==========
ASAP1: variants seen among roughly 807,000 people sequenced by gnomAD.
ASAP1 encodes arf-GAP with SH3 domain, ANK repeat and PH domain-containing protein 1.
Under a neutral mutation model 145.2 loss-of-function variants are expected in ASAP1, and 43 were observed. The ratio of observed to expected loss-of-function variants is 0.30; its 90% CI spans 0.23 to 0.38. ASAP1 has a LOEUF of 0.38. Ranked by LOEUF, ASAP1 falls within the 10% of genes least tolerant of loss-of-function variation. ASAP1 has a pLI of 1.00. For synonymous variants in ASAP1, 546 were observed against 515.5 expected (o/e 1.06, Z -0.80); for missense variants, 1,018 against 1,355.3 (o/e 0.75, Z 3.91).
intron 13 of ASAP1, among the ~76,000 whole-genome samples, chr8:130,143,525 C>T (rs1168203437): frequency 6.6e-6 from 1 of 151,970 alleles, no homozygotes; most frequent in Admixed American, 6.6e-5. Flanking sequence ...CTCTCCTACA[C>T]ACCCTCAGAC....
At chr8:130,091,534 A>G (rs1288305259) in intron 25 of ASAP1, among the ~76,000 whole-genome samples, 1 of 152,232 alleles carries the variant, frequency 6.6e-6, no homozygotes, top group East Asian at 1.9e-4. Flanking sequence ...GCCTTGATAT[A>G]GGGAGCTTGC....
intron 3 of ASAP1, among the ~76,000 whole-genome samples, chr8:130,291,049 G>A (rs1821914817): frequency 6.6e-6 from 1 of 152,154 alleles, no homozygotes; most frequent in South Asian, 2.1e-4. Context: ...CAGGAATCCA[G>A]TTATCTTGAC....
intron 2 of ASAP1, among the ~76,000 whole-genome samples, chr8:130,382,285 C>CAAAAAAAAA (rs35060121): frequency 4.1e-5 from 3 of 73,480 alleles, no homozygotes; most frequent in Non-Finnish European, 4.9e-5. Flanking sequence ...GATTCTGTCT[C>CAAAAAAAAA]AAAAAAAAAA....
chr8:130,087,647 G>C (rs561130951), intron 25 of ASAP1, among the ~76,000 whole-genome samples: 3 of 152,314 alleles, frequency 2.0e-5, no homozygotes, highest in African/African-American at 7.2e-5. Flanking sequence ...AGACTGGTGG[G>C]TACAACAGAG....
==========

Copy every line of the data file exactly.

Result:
ASAP1: variants seen among roughly 807,000 people sequenced by gnomAD.
ASAP1 encodes arf-GAP with SH3 domain, ANK repeat and PH domain-containing protein 1.
Under a neutral mutation model 145.2 loss-of-function variants are expected in ASAP1, and 43 were observed. The ratio of observed to expected loss-of-function variants is 0.30; its 90% CI spans 0.23 to 0.38. ASAP1 has a LOEUF of 0.38. Ranked by LOEUF, ASAP1 falls within the 10% of genes least tolerant of loss-of-function variation. ASAP1 has a pLI of 1.00. For synonymous variants in ASAP1, 546 were observed against 515.5 expected (o/e 1.06, Z -0.80); for missense variants, 1,018 against 1,355.3 (o/e 0.75, Z 3.91).
intron 13 of ASAP1, among the ~76,000 whole-genome samples, chr8:130,143,525 C>T (rs1168203437): frequency 6.6e-6 from 1 of 151,970 alleles, no homozygotes; most frequent in Admixed American, 6.6e-5. Flanking sequence ...CTCTCCTACA[C>T]ACCCTCAGAC....
At chr8:130,091,534 A>G (rs1288305259) in intron 25 of ASAP1, among the ~76,000 whole-genome samples, 1 of 152,232 alleles carries the variant, frequency 6.6e-6, no homozygotes, top group East Asian at 1.9e-4. Flanking sequence ...GCCTTGATAT[A>G]GGGAGCTTGC....
intron 3 of ASAP1, among the ~76,000 whole-genome samples, chr8:130,291,049 G>A (rs1821914817): frequency 6.6e-6 from 1 of 152,154 alleles, no homozygotes; most frequent in South Asian, 2.1e-4. Context: ...CAGGAATCCA[G>A]TTATCTTGAC....
intron 2 of ASAP1, among the ~76,000 whole-genome samples, chr8:130,382,285 C>CAAAAAAAAA (rs35060121): frequency 4.1e-5 from 3 of 73,480 alleles, no homozygotes; most frequent in Non-Finnish European, 4.9e-5. Flanking sequence ...GATTCTGTCT[C>CAAAAAAAAA]AAAAAAAAAA....
chr8:130,087,647 G>C (rs561130951), intron 25 of ASAP1, among the ~76,000 whole-genome samples: 3 of 152,314 alleles, frequency 2.0e-5, no homozygotes, highest in African/African-American at 7.2e-5. Flanking sequence ...AGACTGGTGG[G>C]TACAACAGAG....